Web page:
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Given a list of salaries, we'll define a metric called which is the difference between max and min salary seen in the list:
Write a function called which takes in a list of salaries, and a value , and returns the minimum inequity possible when taking salaries from the full salary list.
If that was hard to understand, you're not alone – let's break it down with some examples.
The minimum inequity is $10,000, because .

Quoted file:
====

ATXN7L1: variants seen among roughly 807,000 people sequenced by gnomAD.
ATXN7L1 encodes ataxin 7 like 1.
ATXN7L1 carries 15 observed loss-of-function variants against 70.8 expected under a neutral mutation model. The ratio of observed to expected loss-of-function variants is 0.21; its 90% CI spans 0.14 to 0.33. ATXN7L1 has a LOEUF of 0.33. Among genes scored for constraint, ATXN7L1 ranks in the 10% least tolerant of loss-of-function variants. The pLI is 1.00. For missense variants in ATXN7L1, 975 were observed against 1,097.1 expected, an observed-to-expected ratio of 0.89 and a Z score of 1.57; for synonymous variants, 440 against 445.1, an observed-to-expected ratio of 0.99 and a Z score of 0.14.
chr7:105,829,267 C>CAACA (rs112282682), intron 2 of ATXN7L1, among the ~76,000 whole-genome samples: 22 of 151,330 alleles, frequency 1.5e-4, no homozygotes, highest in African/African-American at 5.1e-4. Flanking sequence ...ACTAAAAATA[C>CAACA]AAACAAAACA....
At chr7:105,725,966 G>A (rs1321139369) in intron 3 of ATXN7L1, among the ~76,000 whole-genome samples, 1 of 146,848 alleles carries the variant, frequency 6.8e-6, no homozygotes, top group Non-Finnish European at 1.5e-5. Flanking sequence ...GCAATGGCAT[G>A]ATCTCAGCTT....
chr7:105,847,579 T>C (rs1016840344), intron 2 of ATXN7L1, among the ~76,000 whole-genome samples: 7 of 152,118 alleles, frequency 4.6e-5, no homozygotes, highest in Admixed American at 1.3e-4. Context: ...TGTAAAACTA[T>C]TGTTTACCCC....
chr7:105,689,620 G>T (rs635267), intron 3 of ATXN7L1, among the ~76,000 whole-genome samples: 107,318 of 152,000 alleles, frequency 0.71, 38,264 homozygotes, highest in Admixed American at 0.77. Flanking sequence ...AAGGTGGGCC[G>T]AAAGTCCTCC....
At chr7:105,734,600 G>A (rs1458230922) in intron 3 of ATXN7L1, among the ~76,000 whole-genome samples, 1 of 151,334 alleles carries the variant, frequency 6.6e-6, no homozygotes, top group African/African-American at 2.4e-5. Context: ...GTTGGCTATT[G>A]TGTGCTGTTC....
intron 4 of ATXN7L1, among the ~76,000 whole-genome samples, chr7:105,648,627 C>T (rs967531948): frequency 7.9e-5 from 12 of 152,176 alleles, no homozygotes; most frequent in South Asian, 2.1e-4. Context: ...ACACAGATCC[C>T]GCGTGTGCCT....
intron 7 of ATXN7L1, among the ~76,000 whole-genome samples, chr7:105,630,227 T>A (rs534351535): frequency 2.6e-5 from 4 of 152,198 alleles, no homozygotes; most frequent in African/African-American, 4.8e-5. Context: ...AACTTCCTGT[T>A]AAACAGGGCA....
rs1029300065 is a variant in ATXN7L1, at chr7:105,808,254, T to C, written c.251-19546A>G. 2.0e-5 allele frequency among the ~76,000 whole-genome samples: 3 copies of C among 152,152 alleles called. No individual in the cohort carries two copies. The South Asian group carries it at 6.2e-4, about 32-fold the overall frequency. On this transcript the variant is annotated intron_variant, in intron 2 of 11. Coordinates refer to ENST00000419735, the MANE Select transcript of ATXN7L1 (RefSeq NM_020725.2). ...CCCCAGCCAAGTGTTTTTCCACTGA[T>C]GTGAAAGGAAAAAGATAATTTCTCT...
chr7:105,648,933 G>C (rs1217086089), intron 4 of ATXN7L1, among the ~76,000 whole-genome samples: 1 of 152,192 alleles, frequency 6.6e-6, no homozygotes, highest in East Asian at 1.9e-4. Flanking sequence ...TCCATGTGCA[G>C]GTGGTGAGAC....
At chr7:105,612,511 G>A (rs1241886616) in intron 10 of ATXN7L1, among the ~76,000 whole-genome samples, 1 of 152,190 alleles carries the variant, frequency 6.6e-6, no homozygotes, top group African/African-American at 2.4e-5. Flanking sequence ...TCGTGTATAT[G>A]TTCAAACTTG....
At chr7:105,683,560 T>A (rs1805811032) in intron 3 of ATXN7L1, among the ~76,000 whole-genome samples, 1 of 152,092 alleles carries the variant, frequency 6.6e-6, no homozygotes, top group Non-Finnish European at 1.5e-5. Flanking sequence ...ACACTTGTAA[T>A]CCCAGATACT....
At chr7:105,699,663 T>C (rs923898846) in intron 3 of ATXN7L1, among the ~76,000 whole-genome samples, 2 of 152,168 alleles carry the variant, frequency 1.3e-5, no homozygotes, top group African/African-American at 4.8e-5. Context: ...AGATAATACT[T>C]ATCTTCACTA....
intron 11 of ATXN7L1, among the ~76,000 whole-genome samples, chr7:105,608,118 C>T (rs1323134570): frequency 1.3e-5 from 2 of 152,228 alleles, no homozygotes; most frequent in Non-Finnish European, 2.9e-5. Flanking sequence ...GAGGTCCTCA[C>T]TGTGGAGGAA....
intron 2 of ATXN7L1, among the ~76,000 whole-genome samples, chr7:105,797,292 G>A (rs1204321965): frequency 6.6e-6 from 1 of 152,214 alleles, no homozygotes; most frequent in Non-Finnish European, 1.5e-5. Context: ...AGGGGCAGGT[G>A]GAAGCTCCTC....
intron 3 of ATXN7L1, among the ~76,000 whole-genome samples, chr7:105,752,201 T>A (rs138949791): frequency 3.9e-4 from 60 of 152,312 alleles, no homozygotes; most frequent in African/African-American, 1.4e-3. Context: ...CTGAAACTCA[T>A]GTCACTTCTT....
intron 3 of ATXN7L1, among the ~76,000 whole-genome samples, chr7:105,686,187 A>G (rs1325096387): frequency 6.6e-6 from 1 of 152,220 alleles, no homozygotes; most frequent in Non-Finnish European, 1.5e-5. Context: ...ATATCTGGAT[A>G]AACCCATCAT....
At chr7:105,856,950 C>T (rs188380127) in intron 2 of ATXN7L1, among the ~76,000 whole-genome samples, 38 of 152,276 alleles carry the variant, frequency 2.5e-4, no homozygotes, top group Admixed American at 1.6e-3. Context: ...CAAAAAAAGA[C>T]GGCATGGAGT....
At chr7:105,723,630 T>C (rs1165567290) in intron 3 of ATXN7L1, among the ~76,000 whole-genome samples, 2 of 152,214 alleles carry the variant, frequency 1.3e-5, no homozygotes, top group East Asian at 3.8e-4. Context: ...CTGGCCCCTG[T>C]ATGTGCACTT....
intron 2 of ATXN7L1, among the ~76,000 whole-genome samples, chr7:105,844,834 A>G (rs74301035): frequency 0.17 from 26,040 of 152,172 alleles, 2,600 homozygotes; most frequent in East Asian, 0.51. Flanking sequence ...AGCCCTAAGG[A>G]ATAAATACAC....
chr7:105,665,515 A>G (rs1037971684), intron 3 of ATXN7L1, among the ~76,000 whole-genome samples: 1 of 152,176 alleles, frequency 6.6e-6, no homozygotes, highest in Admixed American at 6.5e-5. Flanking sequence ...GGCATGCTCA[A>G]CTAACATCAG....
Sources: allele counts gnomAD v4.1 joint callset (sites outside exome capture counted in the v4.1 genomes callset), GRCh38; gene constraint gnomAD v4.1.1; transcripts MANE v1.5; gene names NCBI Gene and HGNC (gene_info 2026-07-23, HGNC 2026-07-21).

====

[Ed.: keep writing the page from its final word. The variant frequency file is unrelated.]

The minimum inequity is $20,000, because .
We can always brute-force a solution, by generating all sub-lists of the input salary list, of length . For each of these lists, we can then compute the min and max, and keep track of the smallest one we find.
However, a more clever solution is to sort the list in ascending order and check the minimum possible value of difference between elements with distance ‘n’ apart, almost like a sliding window.
This makes sure that for a given sub-list of length we will get the maximum and minimum element of the list at index and index respectively.
Here's that sorted approach:
The time complexity of this approach will be which is for sorting the array. Our linear pass doesn't affect the run-time.